Mt. Gilbert at 13,106’/3995m is located along the Thompson Ridge just north of Bishop Pass and is rightfully included in the SPS list.  It is a lofty summit that offers spectacular views of the Sierra from all sides.  From looking west into LeConte Canyon in Sequoia/Kings Canyon National Park, to the south where many of the California 14ers are on display one gets a real sense of the majesty of all the Sierra has to offer.  If all of this isn’t enough Mt. Gilbert has a steep couloir on its north side that offers a real mountaineering challenge.  This 900’/274m snow/ice route is called the Engram Couloir.

Mt. Gilbert is typically climbed in one day from the South Lake parking lot.  Leaving before morning light hit the trail we began navigating by headlamps up the Bishop Pass trail then turned right onto the Treasure Lakes trail.  Crossing a couple swollen creeks we then climbed a steep hillside decorated with pine trees and granite slabs.  This landscape eventually gave way to snow that was still hanging on from our heavy winter.  Donning crampons and ice axes we traversed into the Thompson Ridge basin and angled across the snowy terrain to the base of the Gilbert Couloir.

Climbing into the couloir the terrain continued to get steeper eventually reaching close to 50 degrees near the top.  Conditions allowed for the perfect kicking of steps up the route.  As we gained altitude the views became increasingly spectacular.  Topping out on the couloir we immediately had a bird’s eye view into upper LeConte Canyon.   Leaving our crampons and ice axes here we turned south and climbed a couple pitches of steep 3rd/4th class rock to the summit of Mt. Gilbert.

After enjoying the view and some well-earned summit photos we retraced our steps back down the way we came.  Back to the cars by 5pm another stellar day in the mountains with superb weather in spectacular alpine terrain with great companionship.  Thanks Tom for another great climb!!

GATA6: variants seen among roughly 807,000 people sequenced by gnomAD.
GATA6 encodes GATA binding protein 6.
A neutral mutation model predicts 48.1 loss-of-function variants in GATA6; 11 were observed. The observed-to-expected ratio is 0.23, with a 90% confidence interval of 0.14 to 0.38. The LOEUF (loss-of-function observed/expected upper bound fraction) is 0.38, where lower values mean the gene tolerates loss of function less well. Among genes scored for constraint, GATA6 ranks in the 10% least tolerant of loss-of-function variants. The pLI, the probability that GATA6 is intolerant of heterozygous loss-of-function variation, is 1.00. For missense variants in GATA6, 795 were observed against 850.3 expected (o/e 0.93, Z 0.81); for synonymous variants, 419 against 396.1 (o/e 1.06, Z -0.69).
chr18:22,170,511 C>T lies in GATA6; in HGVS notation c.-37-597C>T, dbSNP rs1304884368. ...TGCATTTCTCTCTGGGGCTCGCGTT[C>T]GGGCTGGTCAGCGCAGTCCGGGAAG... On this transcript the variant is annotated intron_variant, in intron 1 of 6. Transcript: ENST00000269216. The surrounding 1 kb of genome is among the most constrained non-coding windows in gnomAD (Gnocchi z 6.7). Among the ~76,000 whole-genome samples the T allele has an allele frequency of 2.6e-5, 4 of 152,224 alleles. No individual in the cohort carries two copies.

A few pictures are below.  The entire photo gallery can be found here:  Mt. Gilbert’s Engram Couloir July 7, 2011.

Morning light hitting the Thompson Ridge.

Tom crossing a swollen creek on the approach.

Looking up all 900'/274m of the Engram Couloir.

Tom enjoying the climbing high in the Engram Couloir

Tom in the north at the top of the Engram Couloir.

Tom negotiating the 3rd/4th class terrain en route to the summit of Mt. Gilbert.

Summit photo on top of Mt. Gilbert.

Kurt on the summit of Mt. Gilbert.

Mountaineering Skills Seminar March 17-21, 2010

On March 17 Brett Watson and Ryan Wordell joined Kurt for a private Mountaineering Skills Seminar. These seminars are designed to introduce people to the world of mountaineering. Over a 5-day period we cover as many topics as possible covering a range of different skills that can be used on climbs in the Sierra and on high peaks world wide. We decided to conduct the trip in the Mt. Whitney region where snow conditions have been shaping up nicely all season. There is also a large ice flow that consistently forms below nearby Thor Peak. After training on a variety of skills we capped off the week with an ascent of Mt. Whitney’s Mountaineers Route where we put into practice many skills learned over the previous few days.

A few pictures are below. The rest of the pictures can be found here:

Brett and Ryan demonstrating excellent ice axe self arrests

Brett learning ice climbing techniques

Ryan showing proper belaying skills

Ryan taking his first try at ascending fixed lines using prussik slings

Brett looking like a pro on his first rappel

Kurt testing a snow anchor built by Brett and Ryan. It held successfully!

The boys geared up and ready for a pre dawn start on summit day

Mt. Whitney in morning alpenglow from Iceberg Lake. The Mountaineer’s Route is a chute on the right side of the mountain.

Ascending the Mountaineers Route on Mt. Whitney

Brett and Ryan using efficient cramponing technique up the steep final 400 feet of Mt. Whitney’s Mountaineers Route

Ryan topping out on the final pitch of climbing on Mt. Whitney

Summit photo on Mt. Whitney, March 20, 2010

Sierra Winter Ice Climbing Season Finishes Off Strong

The winter ice climbing season normally begins sometime in November as the temperatures consistently enough to allow ice to form in Lee Vining Canyon and June Lake. This year ice began forming in November and by December we had enough to begin climbing on it. As the season progressed the already good ice continued to improve. Conditions remained great in February and with cold temperatures continuing to prevail the season stretched right into the middle of March. bNow our focus is shifting to the springtime. We are busy guiding climbs on the Mt. Whitney’s Mountaineer’s Route, going backcountry skiing, and are getting out on the rock more often. Stay tuned for updates on some of these adventures.